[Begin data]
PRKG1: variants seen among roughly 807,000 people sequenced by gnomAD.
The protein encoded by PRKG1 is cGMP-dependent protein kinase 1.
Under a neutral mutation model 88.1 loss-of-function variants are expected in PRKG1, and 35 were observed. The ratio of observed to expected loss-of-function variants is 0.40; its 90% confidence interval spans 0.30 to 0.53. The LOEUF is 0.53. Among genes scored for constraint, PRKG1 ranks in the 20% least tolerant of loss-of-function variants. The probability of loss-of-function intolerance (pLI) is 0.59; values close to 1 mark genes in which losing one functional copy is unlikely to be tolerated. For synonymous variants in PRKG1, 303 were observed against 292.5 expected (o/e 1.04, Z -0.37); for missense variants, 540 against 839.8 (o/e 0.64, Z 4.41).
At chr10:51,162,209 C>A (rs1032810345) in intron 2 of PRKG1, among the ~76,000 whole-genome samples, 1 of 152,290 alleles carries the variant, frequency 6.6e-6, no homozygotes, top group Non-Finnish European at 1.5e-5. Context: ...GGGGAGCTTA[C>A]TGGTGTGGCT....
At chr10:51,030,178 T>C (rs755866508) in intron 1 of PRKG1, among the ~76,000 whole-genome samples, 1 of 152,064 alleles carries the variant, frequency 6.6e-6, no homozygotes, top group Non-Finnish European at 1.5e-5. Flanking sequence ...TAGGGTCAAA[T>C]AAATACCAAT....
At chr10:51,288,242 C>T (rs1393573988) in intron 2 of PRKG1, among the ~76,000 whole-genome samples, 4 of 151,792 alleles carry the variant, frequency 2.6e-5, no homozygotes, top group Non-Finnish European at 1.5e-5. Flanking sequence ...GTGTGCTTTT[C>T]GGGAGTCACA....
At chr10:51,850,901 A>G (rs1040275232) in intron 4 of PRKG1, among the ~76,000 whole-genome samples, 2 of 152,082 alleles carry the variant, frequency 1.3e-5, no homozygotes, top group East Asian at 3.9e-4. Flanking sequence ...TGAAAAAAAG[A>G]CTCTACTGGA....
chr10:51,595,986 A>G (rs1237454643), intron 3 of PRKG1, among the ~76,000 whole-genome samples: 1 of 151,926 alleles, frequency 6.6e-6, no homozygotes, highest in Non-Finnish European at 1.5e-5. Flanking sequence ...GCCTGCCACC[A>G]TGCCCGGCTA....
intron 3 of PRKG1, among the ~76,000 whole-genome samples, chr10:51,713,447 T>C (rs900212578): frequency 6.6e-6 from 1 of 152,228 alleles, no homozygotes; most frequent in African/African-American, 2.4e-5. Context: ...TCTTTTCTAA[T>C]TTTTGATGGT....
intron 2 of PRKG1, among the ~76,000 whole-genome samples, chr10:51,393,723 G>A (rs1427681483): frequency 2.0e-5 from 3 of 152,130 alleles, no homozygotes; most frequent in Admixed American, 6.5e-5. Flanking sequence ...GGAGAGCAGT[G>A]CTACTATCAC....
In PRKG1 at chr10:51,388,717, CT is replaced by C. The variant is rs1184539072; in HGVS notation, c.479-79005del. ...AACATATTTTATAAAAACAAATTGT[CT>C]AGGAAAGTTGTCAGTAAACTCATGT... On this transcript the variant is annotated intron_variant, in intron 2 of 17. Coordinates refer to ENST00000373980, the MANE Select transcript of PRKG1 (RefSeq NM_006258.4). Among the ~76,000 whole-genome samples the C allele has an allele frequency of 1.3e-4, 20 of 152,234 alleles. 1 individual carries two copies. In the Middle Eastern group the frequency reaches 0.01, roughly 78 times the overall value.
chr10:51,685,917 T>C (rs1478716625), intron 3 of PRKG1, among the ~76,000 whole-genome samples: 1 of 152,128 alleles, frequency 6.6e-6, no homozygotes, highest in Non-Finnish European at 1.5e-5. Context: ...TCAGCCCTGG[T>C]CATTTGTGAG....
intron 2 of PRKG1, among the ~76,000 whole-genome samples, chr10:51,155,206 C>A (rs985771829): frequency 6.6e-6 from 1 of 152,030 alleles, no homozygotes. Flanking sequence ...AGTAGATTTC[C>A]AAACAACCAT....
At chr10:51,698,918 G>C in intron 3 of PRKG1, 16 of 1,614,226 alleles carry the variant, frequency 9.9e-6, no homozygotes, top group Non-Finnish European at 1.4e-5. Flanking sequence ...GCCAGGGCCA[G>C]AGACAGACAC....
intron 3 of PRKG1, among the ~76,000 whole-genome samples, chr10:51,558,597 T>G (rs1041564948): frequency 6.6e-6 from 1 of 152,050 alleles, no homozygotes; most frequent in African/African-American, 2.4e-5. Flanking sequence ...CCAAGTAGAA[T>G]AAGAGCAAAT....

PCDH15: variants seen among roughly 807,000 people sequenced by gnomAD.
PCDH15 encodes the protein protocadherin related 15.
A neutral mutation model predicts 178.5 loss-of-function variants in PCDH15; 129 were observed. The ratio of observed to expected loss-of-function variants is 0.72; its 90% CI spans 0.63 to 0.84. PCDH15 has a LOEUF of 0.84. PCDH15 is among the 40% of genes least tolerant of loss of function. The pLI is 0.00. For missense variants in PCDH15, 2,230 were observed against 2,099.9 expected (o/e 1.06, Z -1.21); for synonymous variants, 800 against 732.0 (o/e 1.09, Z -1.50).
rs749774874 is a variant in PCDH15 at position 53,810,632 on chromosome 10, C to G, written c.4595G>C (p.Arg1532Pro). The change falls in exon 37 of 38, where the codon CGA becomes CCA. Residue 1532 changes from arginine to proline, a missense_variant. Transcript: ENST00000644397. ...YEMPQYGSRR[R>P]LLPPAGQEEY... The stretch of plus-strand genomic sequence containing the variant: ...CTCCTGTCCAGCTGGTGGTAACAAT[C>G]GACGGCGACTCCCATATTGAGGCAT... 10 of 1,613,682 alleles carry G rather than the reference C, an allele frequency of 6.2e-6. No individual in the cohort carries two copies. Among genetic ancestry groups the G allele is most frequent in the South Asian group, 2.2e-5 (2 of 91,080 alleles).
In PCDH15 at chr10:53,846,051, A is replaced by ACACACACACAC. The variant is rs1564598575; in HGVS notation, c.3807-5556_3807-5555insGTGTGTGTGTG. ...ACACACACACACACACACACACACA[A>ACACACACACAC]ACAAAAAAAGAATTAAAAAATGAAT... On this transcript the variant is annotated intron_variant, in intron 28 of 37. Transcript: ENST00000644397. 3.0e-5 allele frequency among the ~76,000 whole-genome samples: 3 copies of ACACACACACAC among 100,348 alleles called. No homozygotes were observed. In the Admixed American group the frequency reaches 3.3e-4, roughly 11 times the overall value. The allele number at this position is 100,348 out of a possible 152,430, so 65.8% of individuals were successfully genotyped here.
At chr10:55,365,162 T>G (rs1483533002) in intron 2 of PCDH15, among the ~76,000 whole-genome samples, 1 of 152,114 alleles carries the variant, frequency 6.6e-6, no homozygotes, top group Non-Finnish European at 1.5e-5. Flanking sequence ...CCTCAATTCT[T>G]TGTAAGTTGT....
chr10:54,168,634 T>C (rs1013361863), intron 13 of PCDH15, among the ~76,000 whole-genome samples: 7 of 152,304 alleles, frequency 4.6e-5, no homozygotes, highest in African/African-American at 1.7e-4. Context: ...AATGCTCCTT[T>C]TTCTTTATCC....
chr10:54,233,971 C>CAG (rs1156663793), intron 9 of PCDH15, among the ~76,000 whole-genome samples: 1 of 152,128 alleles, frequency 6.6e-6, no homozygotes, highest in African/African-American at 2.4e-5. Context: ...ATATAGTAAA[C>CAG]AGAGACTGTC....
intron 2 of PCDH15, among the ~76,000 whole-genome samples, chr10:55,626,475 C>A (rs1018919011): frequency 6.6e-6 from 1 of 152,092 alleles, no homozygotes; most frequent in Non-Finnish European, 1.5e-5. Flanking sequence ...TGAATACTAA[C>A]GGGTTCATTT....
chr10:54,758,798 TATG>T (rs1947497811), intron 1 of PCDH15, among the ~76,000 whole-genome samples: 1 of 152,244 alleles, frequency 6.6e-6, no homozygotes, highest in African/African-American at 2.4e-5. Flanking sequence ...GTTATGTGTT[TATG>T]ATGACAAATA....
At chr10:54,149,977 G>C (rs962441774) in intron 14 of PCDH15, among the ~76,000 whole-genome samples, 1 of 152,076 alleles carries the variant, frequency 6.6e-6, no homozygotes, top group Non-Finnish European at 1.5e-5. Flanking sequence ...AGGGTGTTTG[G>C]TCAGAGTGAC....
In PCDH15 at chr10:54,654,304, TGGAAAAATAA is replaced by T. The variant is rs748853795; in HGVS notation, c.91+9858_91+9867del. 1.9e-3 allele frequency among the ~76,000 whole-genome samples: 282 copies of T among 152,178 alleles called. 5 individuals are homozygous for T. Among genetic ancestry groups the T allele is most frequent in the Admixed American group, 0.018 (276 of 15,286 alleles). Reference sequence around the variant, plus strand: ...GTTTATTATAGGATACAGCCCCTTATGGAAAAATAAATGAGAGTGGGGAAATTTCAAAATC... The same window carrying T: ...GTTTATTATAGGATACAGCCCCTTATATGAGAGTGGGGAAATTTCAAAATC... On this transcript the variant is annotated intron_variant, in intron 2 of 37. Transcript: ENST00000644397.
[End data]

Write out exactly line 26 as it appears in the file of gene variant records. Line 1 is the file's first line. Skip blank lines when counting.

At chr10:54,149,977 G>C (rs962441774) in intron 14 of PCDH15, among the ~76,000 whole-genome samples, 1 of 152,076 alleles carries the variant, frequency 6.6e-6, no homozygotes, top group Non-Finnish European at 1.5e-5. Flanking sequence ...AGGGTGTTTG[G>C]TCAGAGTGAC....